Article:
RM of Sherwood councilor Tim Probe takes the stand in corruption trial
Rural Municipality (RM) of Sherwood councillor Tim Probe said his goal was to do the best thing for the RM and his constituents, but others may not see it that way.
Probe took the stand Wednesday morning to testify in his breach of trust by a public office and municipal corruption trial.
It’s alleged that Probe offered to trade votes with Reeve Jeff Poissant during a recorded conversation at a coffee shop on February 1, 2016. The allegation is Probe offered to vote in favour of the approval of a Suncor service station at the corner of Highway 1 and Flemming Road if Poissant voted against recovering legal fees paid out to the former Reeve and councillors, including Probe.
Probe did not know Poissant was recording the conversation.
During a 2014 conflict of interest inquiry, Probe accumulated $50,000 in legal fees. He was reimbursed by the RM in late 2014, after a bylaw to repay council legal fees was passed in October 2014. The Court of Queen’s Bench quashed that bylaw in September 2015, but required no action to pay back legal fees.
The discussion began in council on whether or not to try and recover the paid out legal fees.
Probe said he received multiple legal opinions, including one from the RM’s legal counsel during the conflict of interest inquiry McKercher LLP. According to Probe, all the lawyers told him it would be incredibly difficult for the RM to recover the legal fees.
Probe had recused himself previously from votes directly concerning the RM trying to recover legal fees.
He said he was under the impression that it would cost the RM much more than the $250,000 in legal fees paid out to the former Reve and councillors to recover that money. Probe did acknowledge that if the RM did not seek repayment he stood to benefit financially.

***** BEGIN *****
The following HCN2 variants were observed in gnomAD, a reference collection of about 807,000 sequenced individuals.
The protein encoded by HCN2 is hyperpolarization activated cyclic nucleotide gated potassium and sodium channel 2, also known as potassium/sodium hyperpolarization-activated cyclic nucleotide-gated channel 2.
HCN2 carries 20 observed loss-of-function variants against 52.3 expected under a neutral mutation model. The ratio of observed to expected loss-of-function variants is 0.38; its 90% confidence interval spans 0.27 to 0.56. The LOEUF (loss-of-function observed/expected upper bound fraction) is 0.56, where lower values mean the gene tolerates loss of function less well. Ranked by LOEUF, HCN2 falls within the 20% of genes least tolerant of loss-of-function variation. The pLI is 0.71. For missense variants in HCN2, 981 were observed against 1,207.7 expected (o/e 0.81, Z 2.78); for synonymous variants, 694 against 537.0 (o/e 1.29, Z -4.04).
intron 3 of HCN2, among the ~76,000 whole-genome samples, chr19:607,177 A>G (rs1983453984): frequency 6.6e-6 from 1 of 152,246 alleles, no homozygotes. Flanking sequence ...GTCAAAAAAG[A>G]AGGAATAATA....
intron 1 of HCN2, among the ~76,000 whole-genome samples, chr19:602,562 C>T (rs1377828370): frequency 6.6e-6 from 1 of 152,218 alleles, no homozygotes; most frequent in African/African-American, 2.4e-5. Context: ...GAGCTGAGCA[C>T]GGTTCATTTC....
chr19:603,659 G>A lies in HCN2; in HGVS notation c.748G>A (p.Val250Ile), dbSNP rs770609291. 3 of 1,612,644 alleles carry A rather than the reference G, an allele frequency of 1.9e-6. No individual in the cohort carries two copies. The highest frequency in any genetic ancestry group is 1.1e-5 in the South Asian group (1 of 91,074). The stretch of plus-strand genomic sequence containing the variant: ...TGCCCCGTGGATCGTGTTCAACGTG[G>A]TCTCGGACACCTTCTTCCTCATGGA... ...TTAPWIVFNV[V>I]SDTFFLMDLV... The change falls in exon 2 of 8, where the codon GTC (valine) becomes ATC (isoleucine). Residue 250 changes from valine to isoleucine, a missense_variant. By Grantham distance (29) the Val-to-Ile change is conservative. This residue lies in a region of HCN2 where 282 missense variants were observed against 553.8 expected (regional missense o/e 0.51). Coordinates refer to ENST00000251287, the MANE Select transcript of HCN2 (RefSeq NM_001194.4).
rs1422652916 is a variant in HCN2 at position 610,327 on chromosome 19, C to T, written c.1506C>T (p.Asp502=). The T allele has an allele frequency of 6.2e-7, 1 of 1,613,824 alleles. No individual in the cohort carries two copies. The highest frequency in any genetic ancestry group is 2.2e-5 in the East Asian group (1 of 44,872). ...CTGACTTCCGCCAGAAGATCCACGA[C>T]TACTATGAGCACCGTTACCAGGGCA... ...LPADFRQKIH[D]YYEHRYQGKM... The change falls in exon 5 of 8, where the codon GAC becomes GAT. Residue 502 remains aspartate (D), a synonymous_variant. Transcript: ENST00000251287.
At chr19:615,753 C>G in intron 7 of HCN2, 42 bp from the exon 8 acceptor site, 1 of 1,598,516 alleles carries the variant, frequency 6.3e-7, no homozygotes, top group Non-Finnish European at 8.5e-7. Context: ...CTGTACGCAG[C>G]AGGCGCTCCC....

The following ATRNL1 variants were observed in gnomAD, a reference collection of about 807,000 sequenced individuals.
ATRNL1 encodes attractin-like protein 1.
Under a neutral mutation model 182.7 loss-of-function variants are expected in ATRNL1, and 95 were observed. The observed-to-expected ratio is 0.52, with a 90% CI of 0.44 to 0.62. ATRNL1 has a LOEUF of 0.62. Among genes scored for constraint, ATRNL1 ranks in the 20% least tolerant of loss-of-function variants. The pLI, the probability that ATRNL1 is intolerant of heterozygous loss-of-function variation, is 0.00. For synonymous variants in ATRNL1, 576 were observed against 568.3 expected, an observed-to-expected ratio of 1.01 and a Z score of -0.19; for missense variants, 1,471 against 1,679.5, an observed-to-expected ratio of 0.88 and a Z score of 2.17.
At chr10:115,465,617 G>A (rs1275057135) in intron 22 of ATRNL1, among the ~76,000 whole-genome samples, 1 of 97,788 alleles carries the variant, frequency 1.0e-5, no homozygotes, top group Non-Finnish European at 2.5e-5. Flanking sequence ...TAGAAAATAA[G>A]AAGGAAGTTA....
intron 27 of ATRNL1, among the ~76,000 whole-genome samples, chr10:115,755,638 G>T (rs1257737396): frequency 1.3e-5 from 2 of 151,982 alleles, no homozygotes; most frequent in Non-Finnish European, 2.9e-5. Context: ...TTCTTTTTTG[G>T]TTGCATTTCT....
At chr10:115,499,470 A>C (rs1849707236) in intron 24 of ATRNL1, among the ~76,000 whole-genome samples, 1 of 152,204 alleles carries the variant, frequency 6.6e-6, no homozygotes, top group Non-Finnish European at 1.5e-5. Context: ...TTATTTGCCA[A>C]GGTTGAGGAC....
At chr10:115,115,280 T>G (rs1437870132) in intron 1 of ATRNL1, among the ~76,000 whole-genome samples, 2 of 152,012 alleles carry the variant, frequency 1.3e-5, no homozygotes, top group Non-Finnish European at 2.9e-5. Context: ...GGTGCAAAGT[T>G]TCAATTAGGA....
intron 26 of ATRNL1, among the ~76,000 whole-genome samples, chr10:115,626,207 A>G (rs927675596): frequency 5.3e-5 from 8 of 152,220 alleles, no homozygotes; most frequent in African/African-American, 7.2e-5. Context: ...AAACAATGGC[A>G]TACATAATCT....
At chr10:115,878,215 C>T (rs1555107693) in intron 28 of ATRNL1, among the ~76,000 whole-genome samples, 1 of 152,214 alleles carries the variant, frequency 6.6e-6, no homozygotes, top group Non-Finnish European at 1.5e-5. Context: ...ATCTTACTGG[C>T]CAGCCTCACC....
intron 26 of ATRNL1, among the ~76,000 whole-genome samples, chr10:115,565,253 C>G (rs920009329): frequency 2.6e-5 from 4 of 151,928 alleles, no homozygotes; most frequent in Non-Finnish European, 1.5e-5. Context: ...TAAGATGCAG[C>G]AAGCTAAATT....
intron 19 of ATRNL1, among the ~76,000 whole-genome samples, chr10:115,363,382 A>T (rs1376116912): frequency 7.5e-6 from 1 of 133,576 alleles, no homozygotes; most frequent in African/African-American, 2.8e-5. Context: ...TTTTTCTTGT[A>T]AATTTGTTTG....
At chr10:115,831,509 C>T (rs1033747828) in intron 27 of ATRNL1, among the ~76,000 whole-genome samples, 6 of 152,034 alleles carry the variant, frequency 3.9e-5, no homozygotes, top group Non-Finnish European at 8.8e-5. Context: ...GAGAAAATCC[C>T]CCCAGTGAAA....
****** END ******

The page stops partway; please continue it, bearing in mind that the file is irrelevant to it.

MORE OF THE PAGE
He defended his stance in saying that there was no guarantee the RM would win a legal battle to recover those legal fees and moving on would save ratepayers money in the end.
Later in the recorded conversation, Probe can be heard saying he would be willing to vote in favour of the Suncor development if safety concerns were addressed.
He said he was worried about the “all-level” entrance to the service station that would see increased traffic at the Highway 1 intersection. He referenced fatalities at a similar intersection on Highway 1 east of Regina near White City and Balgonie.
Probe told the court he wanted to see an interchange at that intersection or stop lights.
The RM council ultimately voted in favour of the Suncor service station during a May 2016 council meeting. However, the Ministry of Highways rejected the idea of having an all-level crossing.
The development was ultimately cancelled.
In cross-examination, Crown prosecutor David Belanger pressed Probe on why he did not declare a conflict on interest in certain meetings surrounding the repayment of legal fees.
Probe responded that he felt there was no conflict when council was discussing whether or not to appeal the Court of Queen’s Bench quashing the indemnity bylaw, and received no indication there may be a conflict of interest in that matter. He did however recuse himself from discussions relating directly to whether or not council would seek repayment of reimbursed legal fees.
Belanger pointed out that Probe can be heard saying “I’m not doing one without the other” on the recorded conversation in reference to the offer to trade votes with Poissant.
Probe admitted he did say that, but that was not his intended meaning. He said that he misspoke on that matter. At other points in the recorded conversation Probe said he would be willing to vote in favour of the Suncor development if safety concerns are met.
The trial was scheduled to conclude Wednesday, but will continue into Thursday. Both the Crown and defence will be submitting their final pieces of evidence before the judge begins to consider his decision.